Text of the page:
Decks, Center City, Patios




When the homeowner for whom we built a pilot house and roof deck on Manton Street sent me a text about an additional deck, I was momentarily confused. Um, on top of the roof deck? I wondered. "2nd flr" he responded. Ah, silly me.

At the end of 2012 we had converted part of the roof and third floor bedroom into a pilot house, incorporating a large closet for the master suite into the design. We also built a roof deck with MoistureShield composite decking and railings. The deck and homeowner were later featured in a Philadelphia Inquirer article called Roof Deck is Liberating for Point Breeze Couple.

The homeowner wanted to add a deck off the rear 2nd floor of his 3-story row home. But we were also given two parameters– no support posts for the deck could block the cityscape view from the ground-level patio (outside corners were ok). And the underside of the deck needed to be watertight so the homeowners could sit outside and enjoy the view even during a rainstorm. Gotcha.

The basic construction of the deck was straightforward. We converted a window in the 2nd floor office / bedroom to a door and framed a 16-foot wide by 14-foot deck. We matched the MoistureShield decking and posts of the roof deck (luckily the line hadn’t been discontinued, always a risk in my world) as well as using the Mantis hidden fastener system to hide the screws.



To preserve the city view from the ground, we had to bridge the full 16-foot length of the deck without mid-span supports. We doubled up a 1 ¾” x 14” exterior grade laminated beam – I’ve seen too many decks eventually start to sag in the middle to take a shortcut there.



We hadn’t built a drainage system for the underside of a deck before. There are several systems available, but we wanted to keep labor and material costs at a minimum for our celebrity client, ha. So we designed a water run-off system using corrugated plastic pitched into a gutter which feeds directly into a storm water drain.

Not sure if the Inquirer will come back for the 2nd deck though…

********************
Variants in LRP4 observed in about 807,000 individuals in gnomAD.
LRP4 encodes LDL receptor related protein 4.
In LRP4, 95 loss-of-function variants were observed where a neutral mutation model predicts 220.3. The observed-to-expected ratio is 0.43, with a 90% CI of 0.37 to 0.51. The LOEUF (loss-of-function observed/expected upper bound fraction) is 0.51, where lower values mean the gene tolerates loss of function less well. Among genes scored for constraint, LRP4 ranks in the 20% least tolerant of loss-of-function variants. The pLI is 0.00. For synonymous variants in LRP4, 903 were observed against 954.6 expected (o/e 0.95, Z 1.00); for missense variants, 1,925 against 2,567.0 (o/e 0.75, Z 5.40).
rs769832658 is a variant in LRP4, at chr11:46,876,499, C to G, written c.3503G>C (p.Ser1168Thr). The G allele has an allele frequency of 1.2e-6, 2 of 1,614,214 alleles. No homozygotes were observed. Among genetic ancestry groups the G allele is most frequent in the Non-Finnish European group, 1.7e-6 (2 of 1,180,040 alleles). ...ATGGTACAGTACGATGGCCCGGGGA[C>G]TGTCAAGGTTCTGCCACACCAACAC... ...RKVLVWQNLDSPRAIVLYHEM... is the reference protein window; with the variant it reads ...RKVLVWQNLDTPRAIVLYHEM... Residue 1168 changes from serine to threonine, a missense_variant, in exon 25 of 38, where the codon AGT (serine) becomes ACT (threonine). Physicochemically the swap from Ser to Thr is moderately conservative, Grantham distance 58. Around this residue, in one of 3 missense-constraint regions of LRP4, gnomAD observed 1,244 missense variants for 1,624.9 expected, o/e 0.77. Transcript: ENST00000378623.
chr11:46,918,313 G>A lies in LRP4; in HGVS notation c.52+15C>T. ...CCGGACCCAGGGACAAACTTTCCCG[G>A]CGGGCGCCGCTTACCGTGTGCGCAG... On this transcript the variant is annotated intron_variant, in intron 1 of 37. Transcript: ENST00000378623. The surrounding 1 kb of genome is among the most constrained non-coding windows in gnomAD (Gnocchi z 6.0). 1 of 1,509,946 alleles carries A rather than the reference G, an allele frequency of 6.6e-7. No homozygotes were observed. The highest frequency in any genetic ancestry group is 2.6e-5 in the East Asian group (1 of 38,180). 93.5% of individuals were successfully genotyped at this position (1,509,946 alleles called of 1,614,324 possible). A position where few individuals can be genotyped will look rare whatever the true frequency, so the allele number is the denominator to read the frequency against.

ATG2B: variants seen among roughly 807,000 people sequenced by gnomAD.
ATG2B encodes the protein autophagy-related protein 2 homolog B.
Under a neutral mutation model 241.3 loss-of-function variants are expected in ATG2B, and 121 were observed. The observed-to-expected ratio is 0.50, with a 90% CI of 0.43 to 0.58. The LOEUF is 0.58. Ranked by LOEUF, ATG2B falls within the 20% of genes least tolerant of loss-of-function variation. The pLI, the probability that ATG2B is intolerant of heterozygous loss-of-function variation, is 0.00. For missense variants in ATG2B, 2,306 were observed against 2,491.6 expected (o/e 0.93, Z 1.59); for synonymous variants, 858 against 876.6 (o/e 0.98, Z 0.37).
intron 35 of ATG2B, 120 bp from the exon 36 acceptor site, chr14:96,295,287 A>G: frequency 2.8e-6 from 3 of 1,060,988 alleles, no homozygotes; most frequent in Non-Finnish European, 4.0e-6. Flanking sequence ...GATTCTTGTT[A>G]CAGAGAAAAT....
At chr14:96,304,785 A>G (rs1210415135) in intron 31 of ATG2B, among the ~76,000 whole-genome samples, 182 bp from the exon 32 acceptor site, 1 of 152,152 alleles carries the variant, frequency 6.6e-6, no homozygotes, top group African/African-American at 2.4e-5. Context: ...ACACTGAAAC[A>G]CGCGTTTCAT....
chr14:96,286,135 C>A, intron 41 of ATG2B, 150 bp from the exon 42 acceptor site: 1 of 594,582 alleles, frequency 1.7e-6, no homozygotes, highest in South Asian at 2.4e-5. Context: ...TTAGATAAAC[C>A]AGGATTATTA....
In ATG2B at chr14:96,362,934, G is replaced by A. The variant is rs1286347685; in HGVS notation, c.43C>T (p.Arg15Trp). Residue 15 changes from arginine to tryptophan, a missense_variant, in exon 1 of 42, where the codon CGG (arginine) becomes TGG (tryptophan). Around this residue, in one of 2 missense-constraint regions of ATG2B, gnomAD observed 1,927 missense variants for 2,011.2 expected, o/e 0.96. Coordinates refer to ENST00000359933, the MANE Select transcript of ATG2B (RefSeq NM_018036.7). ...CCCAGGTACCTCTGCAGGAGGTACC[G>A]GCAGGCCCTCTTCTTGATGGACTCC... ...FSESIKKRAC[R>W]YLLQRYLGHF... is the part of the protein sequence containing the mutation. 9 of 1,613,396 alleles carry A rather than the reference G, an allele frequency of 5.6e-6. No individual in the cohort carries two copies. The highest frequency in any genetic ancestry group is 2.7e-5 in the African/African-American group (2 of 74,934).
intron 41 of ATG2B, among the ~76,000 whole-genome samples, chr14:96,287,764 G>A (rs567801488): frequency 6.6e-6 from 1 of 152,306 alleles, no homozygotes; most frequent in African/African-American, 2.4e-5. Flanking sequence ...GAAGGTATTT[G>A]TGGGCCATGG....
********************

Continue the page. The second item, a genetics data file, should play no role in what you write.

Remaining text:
Full Renovations, Bedrooms, Decks

When ANOTHER tree falls

A couple winters ago we had an ice storm that, in my estimation, did more damage to our immediate area than Hurricane Sandy. The power outages, downed trees and abysmal driving conditions paralyzed the region for days.





Soon after, I got a call from a neighbor of the client whose Wayne, PA house was wrecked by a tree during Sandy. He told me that a tree fell through HIS house during the ice storm.

Amazingly, again no one was hurt. But a section of his house looked like something from a disaster movie. And, standing at his front door, you can see the front door of my former client. That’s how close they are to each other.

The caller told me that, following the storm, he was standing outside trying to absorb the extent of his home’s destruction. My former client, bundled nearly to the point of unrecognizability, approached him with a folder.

“You’ll need this,” he said. “Here’s a tree guy, an insurance adjuster, a contractor, a storage facility for your belongings, an extended stay apartment…it’s all in here. Glad to share the knowledge.”

And I was glad to get the referral.

The reconstruction was streamlined by the fact that the homeowner wanted to rebuild the damaged area exactly as it was. Which made sense, as the tree fell through a (luckily unoccupied) guest room at the end of the house, so there was no need to reevaluate comprehensive systems . And the crushed windows, skylights and finishes had been of the highest quality and impeccable taste, so there was no reason to tinker.